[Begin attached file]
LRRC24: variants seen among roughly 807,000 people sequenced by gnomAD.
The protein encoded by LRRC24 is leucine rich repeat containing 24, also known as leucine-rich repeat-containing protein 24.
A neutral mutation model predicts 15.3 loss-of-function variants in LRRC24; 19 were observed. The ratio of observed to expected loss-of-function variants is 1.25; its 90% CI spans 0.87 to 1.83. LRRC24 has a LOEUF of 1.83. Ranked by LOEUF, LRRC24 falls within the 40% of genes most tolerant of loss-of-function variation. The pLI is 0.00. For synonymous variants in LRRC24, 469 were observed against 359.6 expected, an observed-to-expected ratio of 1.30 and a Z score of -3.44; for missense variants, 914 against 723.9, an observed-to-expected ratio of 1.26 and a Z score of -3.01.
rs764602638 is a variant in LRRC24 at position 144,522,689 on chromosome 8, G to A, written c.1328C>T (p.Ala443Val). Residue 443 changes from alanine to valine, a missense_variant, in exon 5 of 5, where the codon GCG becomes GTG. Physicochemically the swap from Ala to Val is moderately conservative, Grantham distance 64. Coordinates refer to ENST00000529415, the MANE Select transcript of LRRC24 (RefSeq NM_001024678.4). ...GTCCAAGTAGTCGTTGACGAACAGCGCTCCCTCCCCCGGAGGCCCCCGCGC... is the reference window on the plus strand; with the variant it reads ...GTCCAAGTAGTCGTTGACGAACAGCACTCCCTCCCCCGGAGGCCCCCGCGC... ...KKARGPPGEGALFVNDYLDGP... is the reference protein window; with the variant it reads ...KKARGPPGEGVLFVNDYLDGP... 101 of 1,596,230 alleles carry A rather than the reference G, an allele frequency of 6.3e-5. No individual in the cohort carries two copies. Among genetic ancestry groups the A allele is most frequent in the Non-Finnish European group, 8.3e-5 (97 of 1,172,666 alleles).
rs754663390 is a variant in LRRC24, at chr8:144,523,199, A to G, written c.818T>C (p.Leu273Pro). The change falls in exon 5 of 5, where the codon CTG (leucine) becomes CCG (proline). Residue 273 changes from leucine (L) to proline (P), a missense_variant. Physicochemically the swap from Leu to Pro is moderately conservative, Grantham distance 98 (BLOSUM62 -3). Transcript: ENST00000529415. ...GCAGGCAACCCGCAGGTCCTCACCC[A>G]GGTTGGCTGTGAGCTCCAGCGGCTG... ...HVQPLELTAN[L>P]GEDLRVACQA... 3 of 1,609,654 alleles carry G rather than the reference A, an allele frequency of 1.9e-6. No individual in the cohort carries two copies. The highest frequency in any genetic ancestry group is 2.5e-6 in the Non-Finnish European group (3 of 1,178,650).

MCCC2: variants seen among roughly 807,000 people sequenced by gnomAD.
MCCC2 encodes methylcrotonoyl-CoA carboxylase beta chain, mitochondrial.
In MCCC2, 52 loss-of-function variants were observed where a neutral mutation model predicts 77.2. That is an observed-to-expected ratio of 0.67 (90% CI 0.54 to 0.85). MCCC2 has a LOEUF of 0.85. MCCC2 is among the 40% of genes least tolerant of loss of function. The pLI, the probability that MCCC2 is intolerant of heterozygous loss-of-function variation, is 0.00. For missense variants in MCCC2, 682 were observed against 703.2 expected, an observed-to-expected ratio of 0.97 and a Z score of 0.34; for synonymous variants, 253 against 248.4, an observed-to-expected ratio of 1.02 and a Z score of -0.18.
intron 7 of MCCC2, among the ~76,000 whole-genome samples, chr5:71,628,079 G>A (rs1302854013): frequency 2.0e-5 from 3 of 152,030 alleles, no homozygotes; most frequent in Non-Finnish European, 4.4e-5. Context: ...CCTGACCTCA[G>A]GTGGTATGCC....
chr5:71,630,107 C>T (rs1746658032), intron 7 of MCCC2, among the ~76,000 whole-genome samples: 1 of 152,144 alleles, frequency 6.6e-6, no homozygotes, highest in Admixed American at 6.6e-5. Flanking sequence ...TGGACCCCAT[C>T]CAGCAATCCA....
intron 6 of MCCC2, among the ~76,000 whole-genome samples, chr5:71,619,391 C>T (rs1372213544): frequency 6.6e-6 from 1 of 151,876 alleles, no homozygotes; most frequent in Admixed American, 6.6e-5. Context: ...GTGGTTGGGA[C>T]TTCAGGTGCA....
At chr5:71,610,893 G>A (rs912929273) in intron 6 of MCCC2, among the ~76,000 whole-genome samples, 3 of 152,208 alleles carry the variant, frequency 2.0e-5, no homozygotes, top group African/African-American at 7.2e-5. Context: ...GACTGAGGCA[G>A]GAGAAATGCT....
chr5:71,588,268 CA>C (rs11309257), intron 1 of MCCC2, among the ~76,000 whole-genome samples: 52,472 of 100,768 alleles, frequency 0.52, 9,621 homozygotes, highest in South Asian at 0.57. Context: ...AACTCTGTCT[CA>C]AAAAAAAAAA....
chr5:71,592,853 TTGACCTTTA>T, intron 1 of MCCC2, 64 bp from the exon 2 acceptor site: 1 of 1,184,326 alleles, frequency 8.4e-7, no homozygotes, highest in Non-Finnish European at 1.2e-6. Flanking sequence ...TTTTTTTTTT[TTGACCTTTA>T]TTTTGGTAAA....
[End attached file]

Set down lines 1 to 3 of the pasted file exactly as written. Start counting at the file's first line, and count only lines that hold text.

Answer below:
LRRC24: variants seen among roughly 807,000 people sequenced by gnomAD.
The protein encoded by LRRC24 is leucine rich repeat containing 24, also known as leucine-rich repeat-containing protein 24.
A neutral mutation model predicts 15.3 loss-of-function variants in LRRC24; 19 were observed. The ratio of observed to expected loss-of-function variants is 1.25; its 90% CI spans 0.87 to 1.83. LRRC24 has a LOEUF of 1.83. Ranked by LOEUF, LRRC24 falls within the 40% of genes most tolerant of loss-of-function variation. The pLI is 0.00. For synonymous variants in LRRC24, 469 were observed against 359.6 expected, an observed-to-expected ratio of 1.30 and a Z score of -3.44; for missense variants, 914 against 723.9, an observed-to-expected ratio of 1.26 and a Z score of -3.01.